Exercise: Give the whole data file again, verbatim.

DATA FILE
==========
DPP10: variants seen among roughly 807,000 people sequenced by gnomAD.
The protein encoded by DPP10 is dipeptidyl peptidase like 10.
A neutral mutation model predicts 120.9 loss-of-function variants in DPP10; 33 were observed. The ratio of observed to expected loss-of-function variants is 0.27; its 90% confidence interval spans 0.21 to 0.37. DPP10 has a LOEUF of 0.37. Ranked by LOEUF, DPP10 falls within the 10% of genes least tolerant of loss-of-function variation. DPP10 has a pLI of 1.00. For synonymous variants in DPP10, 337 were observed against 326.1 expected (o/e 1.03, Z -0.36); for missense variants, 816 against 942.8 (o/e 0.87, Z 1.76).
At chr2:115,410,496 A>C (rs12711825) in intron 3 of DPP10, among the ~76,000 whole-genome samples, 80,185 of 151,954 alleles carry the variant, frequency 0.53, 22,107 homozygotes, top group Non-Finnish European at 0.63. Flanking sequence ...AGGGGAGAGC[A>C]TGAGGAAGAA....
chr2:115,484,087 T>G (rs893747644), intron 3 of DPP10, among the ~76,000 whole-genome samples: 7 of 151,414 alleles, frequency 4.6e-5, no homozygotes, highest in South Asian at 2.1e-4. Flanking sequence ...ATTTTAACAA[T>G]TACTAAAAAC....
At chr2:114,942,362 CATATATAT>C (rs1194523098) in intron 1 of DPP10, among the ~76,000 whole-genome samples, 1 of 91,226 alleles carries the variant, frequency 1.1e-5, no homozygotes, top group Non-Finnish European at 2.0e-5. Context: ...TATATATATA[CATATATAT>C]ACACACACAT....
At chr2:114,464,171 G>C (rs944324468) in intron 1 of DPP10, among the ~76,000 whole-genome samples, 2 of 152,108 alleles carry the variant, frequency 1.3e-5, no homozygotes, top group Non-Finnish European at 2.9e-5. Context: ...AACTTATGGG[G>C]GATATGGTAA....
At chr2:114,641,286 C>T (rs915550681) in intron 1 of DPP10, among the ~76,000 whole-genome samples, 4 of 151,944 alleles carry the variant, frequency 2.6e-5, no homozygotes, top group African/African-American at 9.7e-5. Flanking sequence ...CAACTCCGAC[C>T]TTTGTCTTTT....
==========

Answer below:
DPP10: variants seen among roughly 807,000 people sequenced by gnomAD.
The protein encoded by DPP10 is dipeptidyl peptidase like 10.
A neutral mutation model predicts 120.9 loss-of-function variants in DPP10; 33 were observed. The ratio of observed to expected loss-of-function variants is 0.27; its 90% confidence interval spans 0.21 to 0.37. DPP10 has a LOEUF of 0.37. Ranked by LOEUF, DPP10 falls within the 10% of genes least tolerant of loss-of-function variation. DPP10 has a pLI of 1.00. For synonymous variants in DPP10, 337 were observed against 326.1 expected (o/e 1.03, Z -0.36); for missense variants, 816 against 942.8 (o/e 0.87, Z 1.76).
At chr2:115,410,496 A>C (rs12711825) in intron 3 of DPP10, among the ~76,000 whole-genome samples, 80,185 of 151,954 alleles carry the variant, frequency 0.53, 22,107 homozygotes, top group Non-Finnish European at 0.63. Flanking sequence ...AGGGGAGAGC[A>C]TGAGGAAGAA....
chr2:115,484,087 T>G (rs893747644), intron 3 of DPP10, among the ~76,000 whole-genome samples: 7 of 151,414 alleles, frequency 4.6e-5, no homozygotes, highest in South Asian at 2.1e-4. Flanking sequence ...ATTTTAACAA[T>G]TACTAAAAAC....
At chr2:114,942,362 CATATATAT>C (rs1194523098) in intron 1 of DPP10, among the ~76,000 whole-genome samples, 1 of 91,226 alleles carries the variant, frequency 1.1e-5, no homozygotes, top group Non-Finnish European at 2.0e-5. Context: ...TATATATATA[CATATATAT>C]ACACACACAT....
At chr2:114,464,171 G>C (rs944324468) in intron 1 of DPP10, among the ~76,000 whole-genome samples, 2 of 152,108 alleles carry the variant, frequency 1.3e-5, no homozygotes, top group Non-Finnish European at 2.9e-5. Context: ...AACTTATGGG[G>C]GATATGGTAA....
At chr2:114,641,286 C>T (rs915550681) in intron 1 of DPP10, among the ~76,000 whole-genome samples, 4 of 151,944 alleles carry the variant, frequency 2.6e-5, no homozygotes, top group African/African-American at 9.7e-5. Flanking sequence ...CAACTCCGAC[C>T]TTTGTCTTTT....